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From Salt to Stipends: The History of the Salary

How did you get your salary last month? How about 10 years ago? How did you receive your payment for your very first job? Chances are you have a different answer for each question! How workers have earned a salary for their efforts has varied wildly throughout the ages, so we thought we’d take a quick look at the history of this dynamic but essential process.

Worth your salt

Rather than receiving a salary in currency, the earliest historical records show workers were compensated with the necessities for living, primarily food and shelter. A clay tablet dated roughly 3100 B.C. indicates daily beer rations were provided for workers in Mesopotamia.

This sort of barter system was still going around 50 B.C., when Roman soldiers were paid in salt, a highly valued commodity at the time. In fact, the word “salary” comes from the Latin word “salarium,” which means “salt money.” Have you heard the saying about being “worth your salt”? Now you know where it came from!


Commerce begins modernizing salaries

Fast-forward about 1,500 years to the beginning of the Commercial Revolution and the emergence of economies based on trade. Salaries began to look more like what we’d recognize today, with workers being paid for time periods worked or by pieces produced.

Around this period, we also have the beginning of the modern banking system. All those shillings need to go somewhere, right? There are always exceptions, but from about the 16th century forward, currency becomes king and barter-type payments for labor become the exception. As large organizations like the East India Companies start to emerge, managers also begin to be compensated with shares of company profits.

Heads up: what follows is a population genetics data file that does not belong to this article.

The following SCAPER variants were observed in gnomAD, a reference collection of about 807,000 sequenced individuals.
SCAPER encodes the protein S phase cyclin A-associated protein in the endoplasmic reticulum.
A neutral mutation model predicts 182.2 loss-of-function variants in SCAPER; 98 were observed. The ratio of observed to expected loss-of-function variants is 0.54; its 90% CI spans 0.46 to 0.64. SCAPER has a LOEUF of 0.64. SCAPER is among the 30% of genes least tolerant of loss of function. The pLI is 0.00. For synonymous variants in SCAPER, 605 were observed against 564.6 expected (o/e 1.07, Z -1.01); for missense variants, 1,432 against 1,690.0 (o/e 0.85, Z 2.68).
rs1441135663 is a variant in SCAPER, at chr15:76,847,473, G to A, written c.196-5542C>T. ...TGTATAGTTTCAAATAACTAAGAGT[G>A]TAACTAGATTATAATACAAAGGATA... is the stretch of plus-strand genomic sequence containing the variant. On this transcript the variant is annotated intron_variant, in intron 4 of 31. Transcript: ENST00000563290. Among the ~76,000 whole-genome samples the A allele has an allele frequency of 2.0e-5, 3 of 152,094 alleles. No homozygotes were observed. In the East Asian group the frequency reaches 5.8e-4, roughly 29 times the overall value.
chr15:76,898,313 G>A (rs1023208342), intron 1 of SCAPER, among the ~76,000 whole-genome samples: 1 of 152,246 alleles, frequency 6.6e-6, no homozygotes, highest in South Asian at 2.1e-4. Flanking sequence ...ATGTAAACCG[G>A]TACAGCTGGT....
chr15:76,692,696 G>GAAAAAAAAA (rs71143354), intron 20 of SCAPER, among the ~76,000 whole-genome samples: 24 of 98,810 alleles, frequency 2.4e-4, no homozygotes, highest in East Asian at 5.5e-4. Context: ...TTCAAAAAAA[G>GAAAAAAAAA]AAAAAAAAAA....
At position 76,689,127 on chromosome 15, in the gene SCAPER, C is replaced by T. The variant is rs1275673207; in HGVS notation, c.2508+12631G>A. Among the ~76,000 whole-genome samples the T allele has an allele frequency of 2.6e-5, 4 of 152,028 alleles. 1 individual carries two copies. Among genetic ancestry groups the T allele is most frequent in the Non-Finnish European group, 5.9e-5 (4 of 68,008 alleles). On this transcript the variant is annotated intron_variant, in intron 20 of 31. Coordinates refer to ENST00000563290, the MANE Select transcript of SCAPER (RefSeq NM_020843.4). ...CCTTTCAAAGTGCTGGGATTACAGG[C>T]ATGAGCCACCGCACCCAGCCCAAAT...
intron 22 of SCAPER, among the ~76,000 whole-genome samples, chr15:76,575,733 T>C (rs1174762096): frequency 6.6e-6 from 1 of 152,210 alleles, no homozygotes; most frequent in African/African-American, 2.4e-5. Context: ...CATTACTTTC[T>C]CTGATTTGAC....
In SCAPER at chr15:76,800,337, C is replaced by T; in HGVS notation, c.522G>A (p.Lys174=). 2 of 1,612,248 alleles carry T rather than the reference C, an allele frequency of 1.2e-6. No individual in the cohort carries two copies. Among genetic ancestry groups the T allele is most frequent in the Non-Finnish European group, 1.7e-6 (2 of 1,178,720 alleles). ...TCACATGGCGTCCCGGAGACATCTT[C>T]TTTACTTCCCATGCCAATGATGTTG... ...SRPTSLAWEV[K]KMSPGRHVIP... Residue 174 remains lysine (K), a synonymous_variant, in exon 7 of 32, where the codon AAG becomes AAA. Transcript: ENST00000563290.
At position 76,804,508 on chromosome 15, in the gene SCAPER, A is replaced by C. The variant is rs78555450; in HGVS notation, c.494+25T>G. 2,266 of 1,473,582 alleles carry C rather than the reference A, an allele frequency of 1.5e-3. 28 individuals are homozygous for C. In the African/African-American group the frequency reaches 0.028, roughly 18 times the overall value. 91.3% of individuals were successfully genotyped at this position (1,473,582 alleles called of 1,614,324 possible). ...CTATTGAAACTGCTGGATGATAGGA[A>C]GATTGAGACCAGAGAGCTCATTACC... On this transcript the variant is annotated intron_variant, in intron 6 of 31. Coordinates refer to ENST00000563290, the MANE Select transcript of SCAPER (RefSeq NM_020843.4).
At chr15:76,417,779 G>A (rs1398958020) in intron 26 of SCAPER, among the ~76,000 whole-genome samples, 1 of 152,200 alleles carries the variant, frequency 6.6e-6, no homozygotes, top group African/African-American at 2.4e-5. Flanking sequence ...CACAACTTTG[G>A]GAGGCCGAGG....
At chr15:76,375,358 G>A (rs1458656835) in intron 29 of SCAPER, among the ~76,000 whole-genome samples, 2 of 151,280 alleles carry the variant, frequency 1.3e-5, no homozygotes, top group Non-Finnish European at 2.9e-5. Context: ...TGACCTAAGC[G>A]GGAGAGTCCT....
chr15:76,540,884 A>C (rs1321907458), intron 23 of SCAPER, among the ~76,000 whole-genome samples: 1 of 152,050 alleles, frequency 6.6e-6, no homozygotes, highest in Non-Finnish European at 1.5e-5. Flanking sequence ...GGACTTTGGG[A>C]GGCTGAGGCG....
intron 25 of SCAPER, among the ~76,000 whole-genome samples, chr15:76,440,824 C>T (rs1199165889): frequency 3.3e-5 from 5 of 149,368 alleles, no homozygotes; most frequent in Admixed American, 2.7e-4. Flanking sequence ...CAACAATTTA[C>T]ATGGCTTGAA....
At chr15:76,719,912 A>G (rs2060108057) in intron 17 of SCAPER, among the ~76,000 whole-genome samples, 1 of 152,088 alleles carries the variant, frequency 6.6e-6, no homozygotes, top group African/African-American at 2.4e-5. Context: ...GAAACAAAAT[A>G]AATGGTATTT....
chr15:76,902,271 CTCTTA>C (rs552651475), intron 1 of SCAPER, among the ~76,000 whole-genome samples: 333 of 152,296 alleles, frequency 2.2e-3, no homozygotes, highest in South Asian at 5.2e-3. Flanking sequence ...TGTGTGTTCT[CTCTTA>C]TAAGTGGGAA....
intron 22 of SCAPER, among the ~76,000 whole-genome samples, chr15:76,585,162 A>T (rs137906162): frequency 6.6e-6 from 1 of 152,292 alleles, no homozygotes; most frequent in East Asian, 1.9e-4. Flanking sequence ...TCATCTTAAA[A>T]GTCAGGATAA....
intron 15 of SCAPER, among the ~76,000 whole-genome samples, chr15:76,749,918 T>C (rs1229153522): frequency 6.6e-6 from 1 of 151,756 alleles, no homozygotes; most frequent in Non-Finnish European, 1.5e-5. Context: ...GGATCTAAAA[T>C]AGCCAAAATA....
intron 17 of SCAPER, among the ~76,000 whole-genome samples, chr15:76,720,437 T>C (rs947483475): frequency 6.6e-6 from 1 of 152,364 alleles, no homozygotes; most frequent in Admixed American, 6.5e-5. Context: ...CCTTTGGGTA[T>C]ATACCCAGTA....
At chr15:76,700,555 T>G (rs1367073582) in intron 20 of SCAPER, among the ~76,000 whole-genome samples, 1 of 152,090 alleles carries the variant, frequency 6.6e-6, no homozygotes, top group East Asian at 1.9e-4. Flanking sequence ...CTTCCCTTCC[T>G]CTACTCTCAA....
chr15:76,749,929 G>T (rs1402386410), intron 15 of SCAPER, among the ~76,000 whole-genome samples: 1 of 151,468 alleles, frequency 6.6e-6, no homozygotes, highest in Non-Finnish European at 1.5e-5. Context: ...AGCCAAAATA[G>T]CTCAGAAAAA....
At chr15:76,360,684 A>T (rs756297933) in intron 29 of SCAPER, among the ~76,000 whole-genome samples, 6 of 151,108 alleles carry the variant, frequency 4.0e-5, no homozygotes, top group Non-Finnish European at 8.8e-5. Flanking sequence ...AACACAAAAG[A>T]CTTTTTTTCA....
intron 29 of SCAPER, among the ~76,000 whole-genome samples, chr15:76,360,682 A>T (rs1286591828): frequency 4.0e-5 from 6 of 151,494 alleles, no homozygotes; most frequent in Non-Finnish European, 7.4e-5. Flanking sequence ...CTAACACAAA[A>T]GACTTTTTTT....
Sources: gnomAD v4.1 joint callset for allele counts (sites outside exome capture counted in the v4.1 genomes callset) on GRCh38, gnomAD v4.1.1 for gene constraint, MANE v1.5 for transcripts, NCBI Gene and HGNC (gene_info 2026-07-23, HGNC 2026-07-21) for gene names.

Industrial-style improvements

As we moved into the Industrial Revolution of the late 19th century, modern business corporations became a fixture of the professional landscape. With the emergence of this professional class, calculating their output was no longer as easy as recording hours or counting the number of widgets produced. The local currency remained the compensation of choice, but many workers began receiving a fixed salary at regular intervals for the first time in history.

Paychecks, salaries and perks

In the modern age, the salary might include commissions and shares in earnings. In addition, benefits and perquisites (you know them as “perks”) became another way for employers to compensate their employees for their performance. Benefits like health care, paid leave and retirement were added by employers on top of salaries paid to workers. While perks are great, another often overlooked aspect of the employee experience are developments like user-friendly HR technology, which lets employees access their payroll data and employee benefits via smartphone. These advances help increase employee engagement for the organization, while also improving the work experience for the staff member who now has greater control over aspects of their compensation — in some cases, even gaining full visibility into the process, including verification their next paycheck will be correct before it’s cut.

Moving from paper paychecks to approving payroll before its processed.

What’s next?

What do you think salaries will look like in the future? Jetpack credits and bitcoin deposits? Who knows! Whatever comes, you can count on Paycom to help ensure your employees get paid without a hitch — all while involving them to help improve data accuracy and lower employer risk! To learn more about how Paycom can streamline your payroll, schedule a demo today.


DISCLAIMER: The information provided herein does not constitute the provision of legal advice, tax advice, accounting services or professional consulting of any kind. The information provided herein should not be used as a substitute for consultation with professional legal, tax, accounting or other professional advisers. Before making any decision or taking any action, you should consult a professional adviser who has been provided with all pertinent facts relevant to your particular situation and for your particular state(s) of operation.